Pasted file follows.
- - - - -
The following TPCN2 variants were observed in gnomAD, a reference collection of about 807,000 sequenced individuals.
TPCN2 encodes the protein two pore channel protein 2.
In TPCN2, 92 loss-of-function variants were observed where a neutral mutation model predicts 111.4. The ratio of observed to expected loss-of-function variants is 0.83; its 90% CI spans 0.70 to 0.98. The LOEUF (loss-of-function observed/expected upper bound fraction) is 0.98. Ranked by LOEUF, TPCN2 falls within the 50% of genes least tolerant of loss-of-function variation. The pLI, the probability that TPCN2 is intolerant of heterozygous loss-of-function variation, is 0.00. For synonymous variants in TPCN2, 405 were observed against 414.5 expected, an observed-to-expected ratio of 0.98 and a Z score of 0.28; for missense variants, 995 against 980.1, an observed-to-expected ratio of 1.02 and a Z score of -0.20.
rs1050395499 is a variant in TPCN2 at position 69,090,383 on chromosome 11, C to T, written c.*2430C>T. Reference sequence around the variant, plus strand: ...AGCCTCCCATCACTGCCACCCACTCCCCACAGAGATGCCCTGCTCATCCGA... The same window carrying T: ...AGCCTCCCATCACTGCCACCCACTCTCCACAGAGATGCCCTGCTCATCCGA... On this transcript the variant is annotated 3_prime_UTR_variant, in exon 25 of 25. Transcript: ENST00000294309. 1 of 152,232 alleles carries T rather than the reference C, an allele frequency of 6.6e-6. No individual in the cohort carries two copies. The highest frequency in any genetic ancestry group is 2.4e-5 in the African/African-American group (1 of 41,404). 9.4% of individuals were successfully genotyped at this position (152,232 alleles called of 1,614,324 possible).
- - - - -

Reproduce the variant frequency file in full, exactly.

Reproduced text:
The following TPCN2 variants were observed in gnomAD, a reference collection of about 807,000 sequenced individuals.
TPCN2 encodes the protein two pore channel protein 2.
In TPCN2, 92 loss-of-function variants were observed where a neutral mutation model predicts 111.4. The ratio of observed to expected loss-of-function variants is 0.83; its 90% CI spans 0.70 to 0.98. The LOEUF (loss-of-function observed/expected upper bound fraction) is 0.98. Ranked by LOEUF, TPCN2 falls within the 50% of genes least tolerant of loss-of-function variation. The pLI, the probability that TPCN2 is intolerant of heterozygous loss-of-function variation, is 0.00. For synonymous variants in TPCN2, 405 were observed against 414.5 expected, an observed-to-expected ratio of 0.98 and a Z score of 0.28; for missense variants, 995 against 980.1, an observed-to-expected ratio of 1.02 and a Z score of -0.20.
rs1050395499 is a variant in TPCN2 at position 69,090,383 on chromosome 11, C to T, written c.*2430C>T. Reference sequence around the variant, plus strand: ...AGCCTCCCATCACTGCCACCCACTCCCCACAGAGATGCCCTGCTCATCCGA... The same window carrying T: ...AGCCTCCCATCACTGCCACCCACTCTCCACAGAGATGCCCTGCTCATCCGA... On this transcript the variant is annotated 3_prime_UTR_variant, in exon 25 of 25. Transcript: ENST00000294309. 1 of 152,232 alleles carries T rather than the reference C, an allele frequency of 6.6e-6. No individual in the cohort carries two copies. The highest frequency in any genetic ancestry group is 2.4e-5 in the African/African-American group (1 of 41,404). 9.4% of individuals were successfully genotyped at this position (152,232 alleles called of 1,614,324 possible).